It will be necessary to place a block of wood about 4 inches square on top of the cheese and to regulate the height of the mold so that the plank will be level when pressing on the cheese. Increased pressure should be applied by attaching a weight to the extreme end of the plank. As the pressure should be gradually increased, about 10 pounds should be added to the weight each two or three minutes until at the end of 15 minutes 75 pounds of pressure has been applied. Let the cheese remain in the press for three or four hours, then remove it, straighten out the cloth bandage and smooth down with hot water. Replace the cheese in the mold and press over night. Take the cheese out of the mold, apply paraffin or grease to the outside and place it in the cellar or suspend it in the well where it will ripen. It should be ripened at a temperature of about 60 degrees F. and should be rubbed with the hands every day or two to prevent the growth of mold. Sometimes, because the salt has not properly penetrated the curd, the finished cheese may puff or bloat when a few days old. Salt rubbed on the surface with the finger tips will correct this tendency. Application should be repeated the following day. The cheese will be ready to eat in about four weeks.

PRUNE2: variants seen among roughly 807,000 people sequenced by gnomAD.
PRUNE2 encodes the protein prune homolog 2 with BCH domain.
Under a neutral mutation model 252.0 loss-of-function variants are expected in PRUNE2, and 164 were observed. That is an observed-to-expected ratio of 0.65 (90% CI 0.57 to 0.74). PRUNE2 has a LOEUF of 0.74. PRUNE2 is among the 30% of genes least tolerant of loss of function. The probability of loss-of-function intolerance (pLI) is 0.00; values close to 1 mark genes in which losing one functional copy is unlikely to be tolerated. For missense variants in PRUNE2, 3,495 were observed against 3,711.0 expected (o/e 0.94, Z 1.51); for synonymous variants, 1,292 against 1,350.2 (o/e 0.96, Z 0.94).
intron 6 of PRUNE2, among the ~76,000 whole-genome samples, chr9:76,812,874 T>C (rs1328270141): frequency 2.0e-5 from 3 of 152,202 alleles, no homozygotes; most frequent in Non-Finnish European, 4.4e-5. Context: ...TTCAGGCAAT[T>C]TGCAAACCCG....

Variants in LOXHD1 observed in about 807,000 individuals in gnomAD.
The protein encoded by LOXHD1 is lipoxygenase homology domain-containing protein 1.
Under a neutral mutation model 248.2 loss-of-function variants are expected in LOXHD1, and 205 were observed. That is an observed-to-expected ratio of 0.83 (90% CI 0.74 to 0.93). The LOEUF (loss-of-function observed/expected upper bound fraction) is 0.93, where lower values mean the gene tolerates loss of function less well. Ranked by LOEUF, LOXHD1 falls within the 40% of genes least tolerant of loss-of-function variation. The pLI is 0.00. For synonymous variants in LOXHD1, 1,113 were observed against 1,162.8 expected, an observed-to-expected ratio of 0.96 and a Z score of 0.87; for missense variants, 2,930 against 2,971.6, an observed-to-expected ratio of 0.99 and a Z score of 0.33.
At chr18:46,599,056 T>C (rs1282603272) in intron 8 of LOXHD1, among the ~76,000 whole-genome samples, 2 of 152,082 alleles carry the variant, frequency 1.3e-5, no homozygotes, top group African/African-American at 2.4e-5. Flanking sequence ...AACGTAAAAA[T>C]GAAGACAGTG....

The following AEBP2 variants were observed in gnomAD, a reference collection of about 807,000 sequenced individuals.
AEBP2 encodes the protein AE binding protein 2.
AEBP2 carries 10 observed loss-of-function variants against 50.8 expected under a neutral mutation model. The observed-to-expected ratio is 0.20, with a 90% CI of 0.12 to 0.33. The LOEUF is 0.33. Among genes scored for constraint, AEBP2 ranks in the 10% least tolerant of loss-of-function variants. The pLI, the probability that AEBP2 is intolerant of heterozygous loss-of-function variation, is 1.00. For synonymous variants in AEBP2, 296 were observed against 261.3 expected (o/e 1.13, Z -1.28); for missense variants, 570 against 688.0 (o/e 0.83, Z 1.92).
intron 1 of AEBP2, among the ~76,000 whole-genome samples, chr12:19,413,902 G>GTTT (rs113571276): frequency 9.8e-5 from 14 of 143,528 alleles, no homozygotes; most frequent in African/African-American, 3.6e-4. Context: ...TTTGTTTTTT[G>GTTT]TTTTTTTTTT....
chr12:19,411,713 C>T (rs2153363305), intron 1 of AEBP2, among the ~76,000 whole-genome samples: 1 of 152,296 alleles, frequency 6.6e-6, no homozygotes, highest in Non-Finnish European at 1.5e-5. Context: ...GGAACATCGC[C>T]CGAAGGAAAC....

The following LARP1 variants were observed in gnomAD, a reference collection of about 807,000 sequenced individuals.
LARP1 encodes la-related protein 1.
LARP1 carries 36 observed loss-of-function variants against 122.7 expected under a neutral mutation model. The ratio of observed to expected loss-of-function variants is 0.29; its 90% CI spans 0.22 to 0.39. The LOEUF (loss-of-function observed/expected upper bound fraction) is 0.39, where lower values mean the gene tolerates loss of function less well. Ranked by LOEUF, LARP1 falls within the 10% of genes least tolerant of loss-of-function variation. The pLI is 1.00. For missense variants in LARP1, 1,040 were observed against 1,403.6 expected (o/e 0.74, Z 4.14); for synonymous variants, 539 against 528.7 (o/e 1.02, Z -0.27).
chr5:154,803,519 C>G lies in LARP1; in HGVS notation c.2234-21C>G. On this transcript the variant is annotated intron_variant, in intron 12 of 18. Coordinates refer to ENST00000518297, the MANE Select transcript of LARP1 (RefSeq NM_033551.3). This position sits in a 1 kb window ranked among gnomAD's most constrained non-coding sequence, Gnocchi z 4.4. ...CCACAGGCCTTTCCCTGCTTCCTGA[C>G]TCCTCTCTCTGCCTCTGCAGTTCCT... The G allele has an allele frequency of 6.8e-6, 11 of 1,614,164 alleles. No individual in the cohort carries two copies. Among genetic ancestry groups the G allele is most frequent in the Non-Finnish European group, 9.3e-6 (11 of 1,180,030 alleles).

Submitted by:

Leon The Milkman

Leon the Milkman is the owner of http://www.LeontheMilkman.com and http://www.dairy-info.org from where he gives a dairy dictionary and cheese tasting terms guide to new members.



Copyright © 1995 - Photius Coutsoukis (All Rights Reserved).